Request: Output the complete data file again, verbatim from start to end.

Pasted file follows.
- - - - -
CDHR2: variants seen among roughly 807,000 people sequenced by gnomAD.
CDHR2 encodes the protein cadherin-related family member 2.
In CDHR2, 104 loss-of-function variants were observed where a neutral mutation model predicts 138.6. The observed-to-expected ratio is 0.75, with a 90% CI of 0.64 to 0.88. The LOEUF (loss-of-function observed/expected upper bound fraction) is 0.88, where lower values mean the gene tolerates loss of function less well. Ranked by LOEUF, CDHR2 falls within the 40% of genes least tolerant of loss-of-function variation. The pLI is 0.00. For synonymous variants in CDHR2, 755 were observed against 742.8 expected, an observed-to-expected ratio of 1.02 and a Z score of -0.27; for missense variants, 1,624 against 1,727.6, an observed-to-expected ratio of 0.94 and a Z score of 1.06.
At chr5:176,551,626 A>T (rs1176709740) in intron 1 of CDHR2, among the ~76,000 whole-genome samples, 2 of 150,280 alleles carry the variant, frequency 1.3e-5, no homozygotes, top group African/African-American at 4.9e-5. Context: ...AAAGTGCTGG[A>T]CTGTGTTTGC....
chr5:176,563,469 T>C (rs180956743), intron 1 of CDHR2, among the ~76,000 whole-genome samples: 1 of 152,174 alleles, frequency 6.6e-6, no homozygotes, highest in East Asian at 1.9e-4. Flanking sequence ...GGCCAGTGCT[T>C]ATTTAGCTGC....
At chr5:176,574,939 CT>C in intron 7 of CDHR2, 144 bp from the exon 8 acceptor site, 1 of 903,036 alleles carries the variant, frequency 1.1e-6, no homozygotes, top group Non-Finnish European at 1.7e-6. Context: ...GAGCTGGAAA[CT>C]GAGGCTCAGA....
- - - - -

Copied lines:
CDHR2: variants seen among roughly 807,000 people sequenced by gnomAD.
CDHR2 encodes the protein cadherin-related family member 2.
In CDHR2, 104 loss-of-function variants were observed where a neutral mutation model predicts 138.6. The observed-to-expected ratio is 0.75, with a 90% CI of 0.64 to 0.88. The LOEUF (loss-of-function observed/expected upper bound fraction) is 0.88, where lower values mean the gene tolerates loss of function less well. Ranked by LOEUF, CDHR2 falls within the 40% of genes least tolerant of loss-of-function variation. The pLI is 0.00. For synonymous variants in CDHR2, 755 were observed against 742.8 expected, an observed-to-expected ratio of 1.02 and a Z score of -0.27; for missense variants, 1,624 against 1,727.6, an observed-to-expected ratio of 0.94 and a Z score of 1.06.
At chr5:176,551,626 A>T (rs1176709740) in intron 1 of CDHR2, among the ~76,000 whole-genome samples, 2 of 150,280 alleles carry the variant, frequency 1.3e-5, no homozygotes, top group African/African-American at 4.9e-5. Context: ...AAAGTGCTGG[A>T]CTGTGTTTGC....
chr5:176,563,469 T>C (rs180956743), intron 1 of CDHR2, among the ~76,000 whole-genome samples: 1 of 152,174 alleles, frequency 6.6e-6, no homozygotes, highest in East Asian at 1.9e-4. Flanking sequence ...GGCCAGTGCT[T>C]ATTTAGCTGC....
At chr5:176,574,939 CT>C in intron 7 of CDHR2, 144 bp from the exon 8 acceptor site, 1 of 903,036 alleles carries the variant, frequency 1.1e-6, no homozygotes, top group Non-Finnish European at 1.7e-6. Context: ...GAGCTGGAAA[CT>C]GAGGCTCAGA....